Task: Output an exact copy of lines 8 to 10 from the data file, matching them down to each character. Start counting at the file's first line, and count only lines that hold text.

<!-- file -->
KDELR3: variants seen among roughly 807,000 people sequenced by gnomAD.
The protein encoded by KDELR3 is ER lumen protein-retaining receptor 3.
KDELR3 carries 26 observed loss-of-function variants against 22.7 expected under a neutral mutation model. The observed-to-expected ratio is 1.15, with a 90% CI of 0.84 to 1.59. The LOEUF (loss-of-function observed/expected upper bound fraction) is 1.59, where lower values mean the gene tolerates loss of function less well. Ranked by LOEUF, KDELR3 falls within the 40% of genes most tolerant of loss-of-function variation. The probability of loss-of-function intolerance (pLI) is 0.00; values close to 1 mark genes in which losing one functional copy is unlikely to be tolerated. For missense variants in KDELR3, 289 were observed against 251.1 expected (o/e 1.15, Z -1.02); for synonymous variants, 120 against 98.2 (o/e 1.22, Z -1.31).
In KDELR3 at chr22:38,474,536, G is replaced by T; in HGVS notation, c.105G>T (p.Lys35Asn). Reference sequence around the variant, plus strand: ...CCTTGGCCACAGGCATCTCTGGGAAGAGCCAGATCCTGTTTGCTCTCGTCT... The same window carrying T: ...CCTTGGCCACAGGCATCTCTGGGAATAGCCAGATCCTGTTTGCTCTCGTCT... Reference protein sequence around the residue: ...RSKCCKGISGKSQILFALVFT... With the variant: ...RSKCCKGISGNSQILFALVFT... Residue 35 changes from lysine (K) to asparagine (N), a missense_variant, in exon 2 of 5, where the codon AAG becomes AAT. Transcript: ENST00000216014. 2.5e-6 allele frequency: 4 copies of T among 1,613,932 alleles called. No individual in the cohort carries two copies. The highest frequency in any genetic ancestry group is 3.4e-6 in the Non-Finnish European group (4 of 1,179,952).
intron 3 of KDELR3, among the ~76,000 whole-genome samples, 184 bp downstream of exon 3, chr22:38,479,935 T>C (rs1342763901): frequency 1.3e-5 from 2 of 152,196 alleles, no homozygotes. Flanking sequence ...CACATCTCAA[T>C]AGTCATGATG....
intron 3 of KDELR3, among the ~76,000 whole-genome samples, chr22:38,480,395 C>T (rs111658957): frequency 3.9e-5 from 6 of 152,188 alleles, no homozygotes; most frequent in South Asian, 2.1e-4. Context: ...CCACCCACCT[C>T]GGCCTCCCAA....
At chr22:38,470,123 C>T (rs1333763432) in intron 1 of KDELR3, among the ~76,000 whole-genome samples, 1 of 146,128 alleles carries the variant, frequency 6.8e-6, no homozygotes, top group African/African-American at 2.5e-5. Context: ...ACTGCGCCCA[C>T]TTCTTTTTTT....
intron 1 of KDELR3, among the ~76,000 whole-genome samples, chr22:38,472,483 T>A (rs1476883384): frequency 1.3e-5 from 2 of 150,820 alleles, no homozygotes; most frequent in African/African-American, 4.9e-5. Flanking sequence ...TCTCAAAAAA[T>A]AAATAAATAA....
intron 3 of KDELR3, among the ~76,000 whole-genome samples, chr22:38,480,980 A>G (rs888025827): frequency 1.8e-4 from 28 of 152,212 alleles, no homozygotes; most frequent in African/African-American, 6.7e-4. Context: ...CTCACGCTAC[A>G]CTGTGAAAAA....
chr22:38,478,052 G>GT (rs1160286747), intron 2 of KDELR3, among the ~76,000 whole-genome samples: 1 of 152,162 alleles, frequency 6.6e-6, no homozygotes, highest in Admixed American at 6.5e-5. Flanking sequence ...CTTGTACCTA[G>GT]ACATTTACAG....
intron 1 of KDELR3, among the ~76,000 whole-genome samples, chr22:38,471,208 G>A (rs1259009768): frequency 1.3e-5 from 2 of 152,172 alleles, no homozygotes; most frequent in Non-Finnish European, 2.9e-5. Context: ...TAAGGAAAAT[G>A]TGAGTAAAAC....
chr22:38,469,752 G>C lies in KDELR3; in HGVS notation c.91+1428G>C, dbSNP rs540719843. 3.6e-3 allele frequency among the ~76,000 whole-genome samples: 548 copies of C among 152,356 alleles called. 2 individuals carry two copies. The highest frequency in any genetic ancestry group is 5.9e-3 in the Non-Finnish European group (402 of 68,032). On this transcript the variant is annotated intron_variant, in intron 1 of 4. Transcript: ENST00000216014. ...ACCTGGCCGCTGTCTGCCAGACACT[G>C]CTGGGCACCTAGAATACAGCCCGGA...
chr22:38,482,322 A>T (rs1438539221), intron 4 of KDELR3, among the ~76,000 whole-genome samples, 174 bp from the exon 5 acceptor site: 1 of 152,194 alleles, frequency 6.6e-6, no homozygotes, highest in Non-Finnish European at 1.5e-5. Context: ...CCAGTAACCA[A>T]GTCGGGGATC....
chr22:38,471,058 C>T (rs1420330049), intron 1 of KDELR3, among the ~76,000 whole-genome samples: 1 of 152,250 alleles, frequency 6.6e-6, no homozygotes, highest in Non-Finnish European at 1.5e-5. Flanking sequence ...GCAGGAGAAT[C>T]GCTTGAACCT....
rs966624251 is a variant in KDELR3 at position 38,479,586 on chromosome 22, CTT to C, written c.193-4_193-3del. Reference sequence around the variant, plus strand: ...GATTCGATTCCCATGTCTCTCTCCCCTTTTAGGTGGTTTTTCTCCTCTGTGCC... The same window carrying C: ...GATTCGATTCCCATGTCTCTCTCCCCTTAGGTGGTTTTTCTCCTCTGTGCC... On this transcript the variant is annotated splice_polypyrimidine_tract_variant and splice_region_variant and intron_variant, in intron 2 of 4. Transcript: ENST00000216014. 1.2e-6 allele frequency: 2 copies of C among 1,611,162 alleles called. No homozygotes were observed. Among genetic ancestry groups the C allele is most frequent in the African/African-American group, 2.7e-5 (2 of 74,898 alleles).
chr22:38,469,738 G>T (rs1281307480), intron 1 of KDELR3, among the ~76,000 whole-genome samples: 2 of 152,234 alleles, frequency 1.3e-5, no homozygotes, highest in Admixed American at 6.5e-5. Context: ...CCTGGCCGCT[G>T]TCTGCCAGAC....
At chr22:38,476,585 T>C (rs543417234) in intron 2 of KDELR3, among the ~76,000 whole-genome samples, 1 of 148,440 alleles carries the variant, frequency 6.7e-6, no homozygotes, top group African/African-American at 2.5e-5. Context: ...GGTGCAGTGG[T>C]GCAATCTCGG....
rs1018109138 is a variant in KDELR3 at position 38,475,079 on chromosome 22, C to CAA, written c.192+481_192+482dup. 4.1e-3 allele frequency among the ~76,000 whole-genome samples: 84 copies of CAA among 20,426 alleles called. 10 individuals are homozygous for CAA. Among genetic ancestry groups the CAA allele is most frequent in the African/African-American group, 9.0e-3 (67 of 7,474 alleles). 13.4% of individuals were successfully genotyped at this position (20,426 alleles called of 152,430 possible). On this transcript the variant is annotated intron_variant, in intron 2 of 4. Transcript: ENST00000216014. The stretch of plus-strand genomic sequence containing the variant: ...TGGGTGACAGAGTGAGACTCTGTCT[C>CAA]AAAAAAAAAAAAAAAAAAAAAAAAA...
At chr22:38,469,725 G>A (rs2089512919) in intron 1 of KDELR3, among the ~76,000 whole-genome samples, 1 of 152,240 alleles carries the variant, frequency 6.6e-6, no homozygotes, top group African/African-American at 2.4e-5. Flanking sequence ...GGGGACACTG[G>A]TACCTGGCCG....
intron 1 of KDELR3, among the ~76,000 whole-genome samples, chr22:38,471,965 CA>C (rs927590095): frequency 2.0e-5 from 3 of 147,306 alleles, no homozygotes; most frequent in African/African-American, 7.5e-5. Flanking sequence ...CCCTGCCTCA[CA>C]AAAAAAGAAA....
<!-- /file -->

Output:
intron 1 of KDELR3, among the ~76,000 whole-genome samples, chr22:38,472,483 T>A (rs1476883384): frequency 1.3e-5 from 2 of 150,820 alleles, no homozygotes; most frequent in African/African-American, 4.9e-5. Flanking sequence ...TCTCAAAAAA[T>A]AAATAAATAA....
intron 3 of KDELR3, among the ~76,000 whole-genome samples, chr22:38,480,980 A>G (rs888025827): frequency 1.8e-4 from 28 of 152,212 alleles, no homozygotes; most frequent in African/African-American, 6.7e-4. Context: ...CTCACGCTAC[A>G]CTGTGAAAAA....
chr22:38,478,052 G>GT (rs1160286747), intron 2 of KDELR3, among the ~76,000 whole-genome samples: 1 of 152,162 alleles, frequency 6.6e-6, no homozygotes, highest in Admixed American at 6.5e-5. Flanking sequence ...CTTGTACCTA[G>GT]ACATTTACAG....